You are not alone.
We can help you.
Let's chat.

How Does a Strong Support Network Keep You Sober?

american addiction centers photo
February 19, 2014

Overcoming addiction is often a crowning achievement, but the victory is actually an ongoing battle. In the fight against addiction, after your stay at a rehab has ended, a strong support network is often the key to helping people stay sober. This is because sobriety is often described by experts not as a destination, but a constant journey. One is never irrevocably sober; instead, one works everyday on maintaining sobriety. Some days will be good. Some days will be bad. On the bad days, having somebody to lean on can be a sobriety-saver, and possibly a life-saver.

woman part of a strong support networkThis is where a network of support can be crucial in helping those in recovery maintain the sobriety he or she has fought for.

Reconnecting with Family and Friends

Where does one begin in creating their support network? Returning home from rehab can feel strange. You may find yourself attempting to rekindle relationships with family members that were harmed by your addiction. Additionally, your network of friends may be nonexistent, especially if your previous friends used alcohol and drugs.

A good first step would be to reconnect with your family. Addiction can often be devastating for families, and it’s likely that your relationships may be awkward or strained when you first return from rehab. Be honest and open with your loved ones, and apologize for causing past harm. It’s important to show that you are making an effort to repair that which has been damaged. Additionally, while families can be supportive, they can also be stressful. It’s okay to take some time and space for yourself.

You may also find that your number of friends is a bit sparse. This can be especially true if your friends still use substances like drugs or alcohol. A good place to start the search for new friends for your strong support network is your rehab program. Many rehabs programs have alumni networks, connecting those who are living in sobriety. Reaching out for advice can be a good way to start kindling new friendships. You may also have friends whose relationships were damaged by addiction. Like with family, you can reconnect and seek to bridge the gap created by the disease of addiction.

Building a Strong Support Network

You may find yourself seeking new avenues of connection. Luckily, your rehab center should equip you with an aftercare plan for maintaining your sobriety. You may be given information on Alcoholics Anonymous (AA) and Narcotics Anonymous (NA) meetings near your home. That, or perhaps you’ll be given information on other recovery groups. Regardless, connecting with others who are in recovery can be a great way to find likeminded individuals for your strong support network.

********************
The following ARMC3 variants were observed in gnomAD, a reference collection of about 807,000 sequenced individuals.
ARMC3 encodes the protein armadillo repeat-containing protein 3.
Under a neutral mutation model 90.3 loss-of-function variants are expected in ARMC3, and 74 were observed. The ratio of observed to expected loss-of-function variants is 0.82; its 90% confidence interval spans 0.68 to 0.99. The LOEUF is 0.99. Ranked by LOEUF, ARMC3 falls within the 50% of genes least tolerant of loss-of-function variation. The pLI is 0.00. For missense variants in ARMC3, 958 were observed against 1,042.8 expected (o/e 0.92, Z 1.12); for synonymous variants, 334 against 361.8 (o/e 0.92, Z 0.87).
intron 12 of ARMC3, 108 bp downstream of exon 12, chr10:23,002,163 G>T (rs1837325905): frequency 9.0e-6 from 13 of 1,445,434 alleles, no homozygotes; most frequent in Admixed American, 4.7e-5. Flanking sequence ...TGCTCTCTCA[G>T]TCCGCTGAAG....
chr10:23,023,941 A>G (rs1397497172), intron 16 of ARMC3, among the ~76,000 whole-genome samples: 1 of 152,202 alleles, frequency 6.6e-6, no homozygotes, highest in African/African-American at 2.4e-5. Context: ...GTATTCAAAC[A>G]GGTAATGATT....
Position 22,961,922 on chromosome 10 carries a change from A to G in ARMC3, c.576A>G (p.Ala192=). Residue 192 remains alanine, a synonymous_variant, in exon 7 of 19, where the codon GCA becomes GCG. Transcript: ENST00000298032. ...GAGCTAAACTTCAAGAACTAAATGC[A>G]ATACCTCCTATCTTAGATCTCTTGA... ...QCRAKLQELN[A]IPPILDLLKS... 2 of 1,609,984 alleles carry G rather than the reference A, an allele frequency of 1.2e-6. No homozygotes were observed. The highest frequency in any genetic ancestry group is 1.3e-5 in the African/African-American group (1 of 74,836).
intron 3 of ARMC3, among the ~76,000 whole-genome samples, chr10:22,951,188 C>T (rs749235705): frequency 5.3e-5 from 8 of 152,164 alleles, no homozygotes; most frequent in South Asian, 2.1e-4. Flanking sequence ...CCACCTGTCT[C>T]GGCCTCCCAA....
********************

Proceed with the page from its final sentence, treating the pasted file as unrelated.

It’s also important to remember that a strong support network doesn’t have to be an AA group. After all, recovery means moving towards a normal life. Activities like joining a friend for lunch or errands and discussing any struggles can be informal ways of getting support. Also, any regular activity where people who care can be reached like a class or a recreational sport can create a scheduled avenue of communication.

If you’re having trouble building a strong support network in person, there are alternatives. While the case for discussing recovery on social media is murky, there are benefits. Social media can make it easier to connect with supportive group and individuals. They also give you a place to record your journey to recovery with those who care.

Steps to Build a Strong Support Network

  • Follow your aftercare plan.
  • Be aware of your goals and needs.
  • Connect with an Alcoholics Anonymous chapter.
  • Heal relationships with family and friends.
  • Be honest and positive.
  • Don’t be afraid to ask for help.

Life with a Strong Support Network

However you build your strong support network, its important to remember that a life in recovery may depend on communication and relationships. A support network provides you with a helping hand in a time of need.

Don’t wait. Call us now.
Our admissions navigators are available to help 24/7 to discuss treatment.
Why call us?
Want to get help, but not ready to talk?
Instead, sign up for text support to receive:
  • Resources about addiction and recovery
  • Information about our treatment process
*All fields required
(555) 555-5555